What’s your story?
When you find yourself rushing headlong to your keyboard with the idea of publishing something based on a topic or factoid, ask yourself what the story is. What is the beginning, the middle and the end.
A story needs characters and, usually, tension or at least a resolution.
Just today, I was handed a letter composed by two faculty members from the university where I work. It was the letter they had sent out to solicit donations for their planned ascent of Mt. Kilimanjaro this spring.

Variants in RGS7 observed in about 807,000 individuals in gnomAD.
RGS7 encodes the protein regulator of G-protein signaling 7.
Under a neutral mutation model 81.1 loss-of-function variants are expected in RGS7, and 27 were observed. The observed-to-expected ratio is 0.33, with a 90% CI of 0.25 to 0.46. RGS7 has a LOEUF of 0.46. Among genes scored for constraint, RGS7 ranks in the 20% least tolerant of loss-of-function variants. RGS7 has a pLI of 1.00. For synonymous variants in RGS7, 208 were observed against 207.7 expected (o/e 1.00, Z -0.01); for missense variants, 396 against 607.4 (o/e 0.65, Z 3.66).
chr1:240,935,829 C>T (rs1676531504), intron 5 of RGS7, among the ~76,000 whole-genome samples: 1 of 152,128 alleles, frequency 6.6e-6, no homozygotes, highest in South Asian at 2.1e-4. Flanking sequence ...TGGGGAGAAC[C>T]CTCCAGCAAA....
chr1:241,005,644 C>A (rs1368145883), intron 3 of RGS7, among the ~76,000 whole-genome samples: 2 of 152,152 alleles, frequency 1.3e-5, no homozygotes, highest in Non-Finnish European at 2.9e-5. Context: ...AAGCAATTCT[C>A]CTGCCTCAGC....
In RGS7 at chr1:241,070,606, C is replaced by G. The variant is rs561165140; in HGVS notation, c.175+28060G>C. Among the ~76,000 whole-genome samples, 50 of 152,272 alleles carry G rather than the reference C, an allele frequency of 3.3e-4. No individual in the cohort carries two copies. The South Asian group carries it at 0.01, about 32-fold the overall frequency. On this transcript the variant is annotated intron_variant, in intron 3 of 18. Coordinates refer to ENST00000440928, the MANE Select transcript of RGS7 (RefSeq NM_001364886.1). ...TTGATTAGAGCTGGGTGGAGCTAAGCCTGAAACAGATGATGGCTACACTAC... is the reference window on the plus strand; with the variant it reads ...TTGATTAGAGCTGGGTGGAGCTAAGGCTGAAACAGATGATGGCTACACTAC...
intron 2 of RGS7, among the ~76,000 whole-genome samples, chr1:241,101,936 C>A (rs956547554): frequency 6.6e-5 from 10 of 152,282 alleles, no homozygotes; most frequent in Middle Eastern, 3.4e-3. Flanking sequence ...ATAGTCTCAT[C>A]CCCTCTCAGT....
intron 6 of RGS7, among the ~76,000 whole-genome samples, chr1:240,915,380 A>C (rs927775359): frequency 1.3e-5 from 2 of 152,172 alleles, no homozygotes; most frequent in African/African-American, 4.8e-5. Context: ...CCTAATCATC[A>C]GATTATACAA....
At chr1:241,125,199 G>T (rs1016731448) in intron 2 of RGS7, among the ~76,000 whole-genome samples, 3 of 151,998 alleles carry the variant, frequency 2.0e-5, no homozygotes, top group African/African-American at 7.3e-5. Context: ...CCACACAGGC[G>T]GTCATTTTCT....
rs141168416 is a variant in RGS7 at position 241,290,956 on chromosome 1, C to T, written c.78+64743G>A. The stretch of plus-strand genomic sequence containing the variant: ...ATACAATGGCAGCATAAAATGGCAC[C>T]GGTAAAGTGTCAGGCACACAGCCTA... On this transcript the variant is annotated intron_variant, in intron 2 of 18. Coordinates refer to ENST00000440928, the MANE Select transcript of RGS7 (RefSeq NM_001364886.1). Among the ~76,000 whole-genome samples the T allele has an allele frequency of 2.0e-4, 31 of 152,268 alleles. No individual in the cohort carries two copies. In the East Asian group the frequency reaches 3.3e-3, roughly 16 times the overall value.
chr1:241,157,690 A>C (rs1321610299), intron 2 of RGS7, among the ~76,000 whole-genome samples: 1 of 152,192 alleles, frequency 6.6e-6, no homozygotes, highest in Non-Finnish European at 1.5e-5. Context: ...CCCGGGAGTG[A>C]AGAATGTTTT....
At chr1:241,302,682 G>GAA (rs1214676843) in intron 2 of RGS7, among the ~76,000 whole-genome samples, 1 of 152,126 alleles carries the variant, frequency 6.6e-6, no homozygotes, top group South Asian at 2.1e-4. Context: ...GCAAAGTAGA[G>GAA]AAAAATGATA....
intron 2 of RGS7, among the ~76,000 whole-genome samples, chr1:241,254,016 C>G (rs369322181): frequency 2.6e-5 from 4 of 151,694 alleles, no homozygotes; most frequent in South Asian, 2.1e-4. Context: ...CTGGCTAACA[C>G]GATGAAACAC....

“Dear, Ms. Smith,” it started out. We’re out to fight cancer and we’ve been campaigning for months… With your help, we’ll be able to raise… In the last paragraph, the duo explained that they planned to raise money through people sponsoring them to climb Mt. Kilimanjaro. Whoa! Put the brakes on. That should be the first sentence. That’s the story. From there, the beginning (how the faculty members made that decision), the middle (what they’re doing to prepare), and the end (successfully making the ascent or not) writes itself.
by Ed Carpenter — He’s a bad mutha … shut yer mouth.